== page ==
This generation features Toyota Variable Intake System (TVIS) which is a set of four butterflies located in the inlet system next to the head. These butterflies are shut below approximately 4500 RPM, effectively blocking airflow to one valve per cylinder, increasing the air speed and thus improving mid range torque. They are opened by the ECU via a small plastic vacuum tank and solenoid triggered diaphragm actuator located under the inlet manifold and open above this speed. The effect is similar to a second throat opening on a carburettor. These engines develop in the vicinity of 88 kW. Depending on where in the world the engine was sold it will have either MAP sensor or Air Flow Meter.

Second Generation 4AGE 87.5-89.5 

The second generation engines were released in May 1987 and are identified by silver cam covers with red and black writing, hence red and black top. These engines retained TVIS and remained on the market until May 1989.They are similar to the first generation engines with the same performance, however, they have larger diameter bearings, are transverse layout only and have a stronger block identified by 7 external vertical ribs as opposed to three on the earlier engines.

A supercharged model, the 4AGZE, was also released. This engine has unpainted cam covers. The engine fitted to MR2s has the supercharger outlet to the intercooler facing the flywheel end of the engine block and a normal distributor. The model fitted to the FWD Trueno/Levin has the intercooler plumbing facing upwards (the intercooler mounts on top of the cam covers) and has a crank angle sensor fitted in place of the distributor. This engine is fitted with twin coil packs instead of a conventional distributor arrangement. Power output is 107 kW.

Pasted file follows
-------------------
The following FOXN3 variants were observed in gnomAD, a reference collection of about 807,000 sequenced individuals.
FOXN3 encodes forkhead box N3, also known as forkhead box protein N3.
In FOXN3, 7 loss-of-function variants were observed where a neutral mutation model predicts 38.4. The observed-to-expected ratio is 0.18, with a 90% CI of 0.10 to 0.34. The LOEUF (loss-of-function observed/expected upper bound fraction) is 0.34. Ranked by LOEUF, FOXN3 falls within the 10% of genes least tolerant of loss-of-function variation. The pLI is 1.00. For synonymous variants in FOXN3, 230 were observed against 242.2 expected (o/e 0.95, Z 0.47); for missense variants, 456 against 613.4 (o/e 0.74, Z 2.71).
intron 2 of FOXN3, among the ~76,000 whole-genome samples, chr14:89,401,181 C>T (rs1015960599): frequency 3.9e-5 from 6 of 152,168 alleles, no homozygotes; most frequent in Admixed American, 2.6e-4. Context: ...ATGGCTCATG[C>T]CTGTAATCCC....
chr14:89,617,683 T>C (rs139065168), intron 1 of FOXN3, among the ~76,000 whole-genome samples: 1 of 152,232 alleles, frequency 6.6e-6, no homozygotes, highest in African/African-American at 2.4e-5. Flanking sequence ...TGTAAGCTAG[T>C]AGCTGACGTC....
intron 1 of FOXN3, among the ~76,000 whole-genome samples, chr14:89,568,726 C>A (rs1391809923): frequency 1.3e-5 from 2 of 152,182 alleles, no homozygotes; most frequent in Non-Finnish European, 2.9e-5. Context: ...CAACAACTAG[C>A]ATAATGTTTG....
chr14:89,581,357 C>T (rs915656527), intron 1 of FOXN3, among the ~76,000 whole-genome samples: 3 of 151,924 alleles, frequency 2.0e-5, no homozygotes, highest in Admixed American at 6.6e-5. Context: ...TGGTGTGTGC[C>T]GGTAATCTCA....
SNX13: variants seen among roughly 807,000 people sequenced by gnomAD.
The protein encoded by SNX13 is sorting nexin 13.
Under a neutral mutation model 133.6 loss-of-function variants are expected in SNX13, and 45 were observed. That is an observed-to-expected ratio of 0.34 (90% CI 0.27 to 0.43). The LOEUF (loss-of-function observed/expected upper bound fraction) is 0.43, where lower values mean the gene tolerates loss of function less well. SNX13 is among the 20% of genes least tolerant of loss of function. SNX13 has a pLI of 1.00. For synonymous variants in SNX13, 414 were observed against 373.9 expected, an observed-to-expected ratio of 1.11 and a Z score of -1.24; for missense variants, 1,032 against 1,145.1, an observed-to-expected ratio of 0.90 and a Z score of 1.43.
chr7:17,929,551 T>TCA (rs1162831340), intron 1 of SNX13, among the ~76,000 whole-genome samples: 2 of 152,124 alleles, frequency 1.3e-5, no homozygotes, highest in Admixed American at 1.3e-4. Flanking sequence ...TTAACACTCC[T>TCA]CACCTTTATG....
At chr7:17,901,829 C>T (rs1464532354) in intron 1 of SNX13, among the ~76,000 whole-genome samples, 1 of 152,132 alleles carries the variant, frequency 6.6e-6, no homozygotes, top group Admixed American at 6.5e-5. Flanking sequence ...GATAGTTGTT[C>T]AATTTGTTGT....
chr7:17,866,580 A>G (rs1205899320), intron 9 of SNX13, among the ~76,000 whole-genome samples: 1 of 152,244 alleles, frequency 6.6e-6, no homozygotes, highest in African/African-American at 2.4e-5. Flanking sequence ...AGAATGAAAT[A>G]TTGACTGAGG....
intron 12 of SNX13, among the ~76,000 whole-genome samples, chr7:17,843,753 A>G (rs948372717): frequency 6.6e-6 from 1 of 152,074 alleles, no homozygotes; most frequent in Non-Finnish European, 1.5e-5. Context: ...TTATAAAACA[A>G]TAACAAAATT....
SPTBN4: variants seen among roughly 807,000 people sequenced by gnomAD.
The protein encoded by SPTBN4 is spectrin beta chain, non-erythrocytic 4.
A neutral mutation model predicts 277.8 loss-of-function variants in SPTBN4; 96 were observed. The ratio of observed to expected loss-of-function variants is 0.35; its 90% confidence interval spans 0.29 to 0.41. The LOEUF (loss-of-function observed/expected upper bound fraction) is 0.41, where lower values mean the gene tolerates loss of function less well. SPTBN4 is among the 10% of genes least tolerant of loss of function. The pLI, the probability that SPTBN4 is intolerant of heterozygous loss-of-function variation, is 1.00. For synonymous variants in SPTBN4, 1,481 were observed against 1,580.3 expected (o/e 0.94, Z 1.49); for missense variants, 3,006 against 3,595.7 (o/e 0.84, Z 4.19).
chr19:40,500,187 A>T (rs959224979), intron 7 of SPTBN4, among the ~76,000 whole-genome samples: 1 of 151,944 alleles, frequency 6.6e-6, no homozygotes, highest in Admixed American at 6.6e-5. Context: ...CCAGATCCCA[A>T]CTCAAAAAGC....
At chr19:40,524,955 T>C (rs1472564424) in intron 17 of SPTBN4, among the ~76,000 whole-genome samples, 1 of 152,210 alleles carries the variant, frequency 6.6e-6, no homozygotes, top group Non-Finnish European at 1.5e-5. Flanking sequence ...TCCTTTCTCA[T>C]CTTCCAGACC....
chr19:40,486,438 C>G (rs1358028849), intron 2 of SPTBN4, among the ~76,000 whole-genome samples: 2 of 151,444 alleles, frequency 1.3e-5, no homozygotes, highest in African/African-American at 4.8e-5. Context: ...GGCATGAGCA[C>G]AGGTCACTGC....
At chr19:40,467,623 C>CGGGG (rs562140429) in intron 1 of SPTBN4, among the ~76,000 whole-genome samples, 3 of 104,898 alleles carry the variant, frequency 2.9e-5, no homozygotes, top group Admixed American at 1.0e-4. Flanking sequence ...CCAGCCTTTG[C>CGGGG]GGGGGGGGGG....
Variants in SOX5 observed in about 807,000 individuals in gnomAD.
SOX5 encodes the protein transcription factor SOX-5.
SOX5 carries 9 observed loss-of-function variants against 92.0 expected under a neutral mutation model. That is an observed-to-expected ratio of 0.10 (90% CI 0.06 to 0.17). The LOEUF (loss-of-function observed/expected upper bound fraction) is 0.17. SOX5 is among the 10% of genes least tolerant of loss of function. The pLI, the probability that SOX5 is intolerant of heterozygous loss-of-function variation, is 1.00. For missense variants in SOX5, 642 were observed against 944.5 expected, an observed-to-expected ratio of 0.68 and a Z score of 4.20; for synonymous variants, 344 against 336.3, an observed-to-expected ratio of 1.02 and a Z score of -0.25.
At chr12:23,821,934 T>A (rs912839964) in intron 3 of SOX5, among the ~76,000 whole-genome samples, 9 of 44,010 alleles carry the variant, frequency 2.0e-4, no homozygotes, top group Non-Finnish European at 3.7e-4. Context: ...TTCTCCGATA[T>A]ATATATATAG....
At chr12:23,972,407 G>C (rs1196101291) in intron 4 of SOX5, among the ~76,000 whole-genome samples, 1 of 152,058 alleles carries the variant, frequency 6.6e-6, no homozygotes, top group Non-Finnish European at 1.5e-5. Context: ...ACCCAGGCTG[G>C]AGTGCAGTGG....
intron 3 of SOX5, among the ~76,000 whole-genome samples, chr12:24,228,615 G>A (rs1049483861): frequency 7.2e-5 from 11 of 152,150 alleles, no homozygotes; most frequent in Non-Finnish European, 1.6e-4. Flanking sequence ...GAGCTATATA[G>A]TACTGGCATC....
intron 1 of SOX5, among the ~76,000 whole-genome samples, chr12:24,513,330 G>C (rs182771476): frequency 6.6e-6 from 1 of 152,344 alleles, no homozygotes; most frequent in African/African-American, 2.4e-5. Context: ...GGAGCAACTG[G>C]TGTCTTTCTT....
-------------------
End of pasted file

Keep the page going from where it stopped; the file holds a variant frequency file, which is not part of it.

All engines are AFM and transverse layout only. Fitted to face-lifted AW 11 and AE 92

Third Generation 4AGE 89.5-91.6 

The next generation engines were introduced in May 1989 and remained in production until June 1991. Two types exist. The 16 valve has silver cam covers with red lettering only, and so are called red tops. These engines have oil cooled pistons, an external oil drain from the head to the sump (located behind #4 inlet) and the ignition leads run underneath a cover between the cam covers. Power is increased to 100 kW and all engines are MAP sensored. This is the final 16 valve variant produced. These engines have dispensed with TVIS and feature smaller inlet ports.

The 4AGZE has the same additions and utilises the twin coil distributor less ignition system. These 4AGZEs were produced FWD only. Power increased to 120 kW and the supercharger has a smaller diameter pulley compared to the earlier version. These were fitted to AE 92s only.

Fourth Generation 4AGE 91.6-95.5 

The fourth generation, released June 1991, saw the demise of the 16 valve in naturally aspirated form and its replacement with the 20 valve. This engine has silver cam covers with chrome lettering, and is referred to as the silver top. Ignition leads are hidden underneath a central cover. Three inlet valves per cylinder are operated via a variable cam timing mechanism while exhaust valves are standard set up. The distributor is mounted off the back of the exhaust cam. The engine is fitted with 4 throttle bodies and is AFM sensored. This engine was sold new in Japan only and also has factory tubular headers. Power output is 120 kW but with less torque than the 4AGZE.